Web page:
More than one billion people could live in extreme poverty by 2030 due to the long-term effects of the Coronavirus (COVID-19) pandemic, according to a UN study released on Thursday, December 3, 2020.
That figure could be reached if the recovery is protracted and the economic crisis persists, pushing an additional 207 million people into poverty, the UN Development Programme (UNDP) said.
Under a “baseline” scenario, based on current mortality rates and recent growth projections by the International Monetary Fund, the study sees another 44 million people being driven below the poverty line over the next 10 years.
Meanwhile, the United Nations Conference on Trade and Development (UNCTAD) has said that the number of people living in extreme poverty will increase by more than 32 million in 2020.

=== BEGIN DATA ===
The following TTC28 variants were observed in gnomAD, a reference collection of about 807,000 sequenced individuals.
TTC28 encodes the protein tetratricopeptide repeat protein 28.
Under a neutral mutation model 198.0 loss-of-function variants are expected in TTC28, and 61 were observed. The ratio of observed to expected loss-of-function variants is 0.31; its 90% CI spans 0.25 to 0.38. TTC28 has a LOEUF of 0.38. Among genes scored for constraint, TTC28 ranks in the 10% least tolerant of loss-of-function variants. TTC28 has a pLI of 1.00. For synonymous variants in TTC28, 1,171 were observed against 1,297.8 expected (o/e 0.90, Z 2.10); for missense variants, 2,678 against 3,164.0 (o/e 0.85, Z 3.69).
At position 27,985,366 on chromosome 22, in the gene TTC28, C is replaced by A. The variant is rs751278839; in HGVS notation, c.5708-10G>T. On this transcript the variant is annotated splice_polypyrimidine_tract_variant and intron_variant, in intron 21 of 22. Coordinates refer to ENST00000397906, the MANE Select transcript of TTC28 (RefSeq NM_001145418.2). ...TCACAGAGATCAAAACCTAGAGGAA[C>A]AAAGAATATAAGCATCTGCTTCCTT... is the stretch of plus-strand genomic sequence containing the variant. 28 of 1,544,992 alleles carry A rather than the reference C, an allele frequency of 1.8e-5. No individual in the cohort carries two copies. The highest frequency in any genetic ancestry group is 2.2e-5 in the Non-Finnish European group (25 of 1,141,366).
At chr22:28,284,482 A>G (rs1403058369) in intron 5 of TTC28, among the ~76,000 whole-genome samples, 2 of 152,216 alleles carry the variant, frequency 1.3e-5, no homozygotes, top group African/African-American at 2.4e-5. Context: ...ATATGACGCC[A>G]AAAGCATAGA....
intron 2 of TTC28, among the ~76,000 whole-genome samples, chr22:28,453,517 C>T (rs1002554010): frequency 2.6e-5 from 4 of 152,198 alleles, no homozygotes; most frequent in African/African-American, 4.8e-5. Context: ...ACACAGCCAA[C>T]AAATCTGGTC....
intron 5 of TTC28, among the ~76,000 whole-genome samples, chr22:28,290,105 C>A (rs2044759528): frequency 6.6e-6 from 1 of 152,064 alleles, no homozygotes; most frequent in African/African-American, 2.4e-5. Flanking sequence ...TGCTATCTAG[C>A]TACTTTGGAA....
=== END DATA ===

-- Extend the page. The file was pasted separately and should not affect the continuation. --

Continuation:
UNCTAD said in a report released also on Thursday that the increase would be due to the catastrophic economic impact of the pandemic on the least developed countries (LDCs).
According to UNCTAD, between October 2019 and October 2020, the economic growth forecast for LDCs was revised sharply downwards from 5 to -0.4 per cent.
UNDP, however, said that the surge of extreme poverty could be averted.
It said that the world’s pre-pandemic development trajectory could even be exceeded and could lift 146 million more people out of poverty if investments could be made in welfare programmes, governance, digitalisation and a green economy.
“The COVID-19 pandemic is a tipping point, and the choices leaders take now could take the world in very different directions.
“We have an opportunity to invest in a decade of action that not only helps people to recover from COVID-19, but that re-sets the development path of people and planet towards a more fair, resilient and green future,’’ UNDP administrator Achim Steiner said in a press release.